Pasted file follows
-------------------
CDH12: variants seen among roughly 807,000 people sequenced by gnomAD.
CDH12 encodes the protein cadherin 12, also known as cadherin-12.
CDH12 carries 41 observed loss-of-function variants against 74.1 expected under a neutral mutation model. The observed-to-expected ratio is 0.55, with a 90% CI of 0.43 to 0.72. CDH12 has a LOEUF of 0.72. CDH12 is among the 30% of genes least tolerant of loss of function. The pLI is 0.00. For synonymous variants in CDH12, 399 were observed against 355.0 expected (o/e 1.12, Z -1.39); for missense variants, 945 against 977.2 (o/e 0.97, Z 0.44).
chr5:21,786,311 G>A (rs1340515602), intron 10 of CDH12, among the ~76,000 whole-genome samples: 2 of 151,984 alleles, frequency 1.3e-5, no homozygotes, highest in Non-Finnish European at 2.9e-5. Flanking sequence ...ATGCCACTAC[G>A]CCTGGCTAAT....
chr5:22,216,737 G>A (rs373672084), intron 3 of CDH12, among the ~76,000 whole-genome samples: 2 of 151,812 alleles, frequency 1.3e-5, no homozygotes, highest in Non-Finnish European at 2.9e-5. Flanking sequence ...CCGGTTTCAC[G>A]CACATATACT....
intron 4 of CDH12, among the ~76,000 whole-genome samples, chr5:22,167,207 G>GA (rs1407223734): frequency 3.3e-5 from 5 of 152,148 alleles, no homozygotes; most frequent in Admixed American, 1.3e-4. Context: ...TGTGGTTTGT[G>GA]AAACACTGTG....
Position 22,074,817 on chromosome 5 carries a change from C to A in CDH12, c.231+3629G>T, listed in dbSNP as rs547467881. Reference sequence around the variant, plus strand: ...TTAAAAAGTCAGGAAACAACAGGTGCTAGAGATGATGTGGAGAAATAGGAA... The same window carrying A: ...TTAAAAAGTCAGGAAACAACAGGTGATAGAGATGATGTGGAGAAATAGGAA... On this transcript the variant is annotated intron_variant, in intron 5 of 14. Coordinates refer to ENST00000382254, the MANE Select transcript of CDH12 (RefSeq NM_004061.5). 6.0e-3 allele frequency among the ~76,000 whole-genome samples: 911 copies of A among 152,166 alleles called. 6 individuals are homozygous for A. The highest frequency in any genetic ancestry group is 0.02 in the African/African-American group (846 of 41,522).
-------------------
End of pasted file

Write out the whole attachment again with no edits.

CDH12: variants seen among roughly 807,000 people sequenced by gnomAD.
CDH12 encodes the protein cadherin 12, also known as cadherin-12.
CDH12 carries 41 observed loss-of-function variants against 74.1 expected under a neutral mutation model. The observed-to-expected ratio is 0.55, with a 90% CI of 0.43 to 0.72. CDH12 has a LOEUF of 0.72. CDH12 is among the 30% of genes least tolerant of loss of function. The pLI is 0.00. For synonymous variants in CDH12, 399 were observed against 355.0 expected (o/e 1.12, Z -1.39); for missense variants, 945 against 977.2 (o/e 0.97, Z 0.44).
chr5:21,786,311 G>A (rs1340515602), intron 10 of CDH12, among the ~76,000 whole-genome samples: 2 of 151,984 alleles, frequency 1.3e-5, no homozygotes, highest in Non-Finnish European at 2.9e-5. Flanking sequence ...ATGCCACTAC[G>A]CCTGGCTAAT....
chr5:22,216,737 G>A (rs373672084), intron 3 of CDH12, among the ~76,000 whole-genome samples: 2 of 151,812 alleles, frequency 1.3e-5, no homozygotes, highest in Non-Finnish European at 2.9e-5. Flanking sequence ...CCGGTTTCAC[G>A]CACATATACT....
intron 4 of CDH12, among the ~76,000 whole-genome samples, chr5:22,167,207 G>GA (rs1407223734): frequency 3.3e-5 from 5 of 152,148 alleles, no homozygotes; most frequent in Admixed American, 1.3e-4. Context: ...TGTGGTTTGT[G>GA]AAACACTGTG....
Position 22,074,817 on chromosome 5 carries a change from C to A in CDH12, c.231+3629G>T, listed in dbSNP as rs547467881. Reference sequence around the variant, plus strand: ...TTAAAAAGTCAGGAAACAACAGGTGCTAGAGATGATGTGGAGAAATAGGAA... The same window carrying A: ...TTAAAAAGTCAGGAAACAACAGGTGATAGAGATGATGTGGAGAAATAGGAA... On this transcript the variant is annotated intron_variant, in intron 5 of 14. Coordinates refer to ENST00000382254, the MANE Select transcript of CDH12 (RefSeq NM_004061.5). 6.0e-3 allele frequency among the ~76,000 whole-genome samples: 911 copies of A among 152,166 alleles called. 6 individuals are homozygous for A. The highest frequency in any genetic ancestry group is 0.02 in the African/African-American group (846 of 41,522).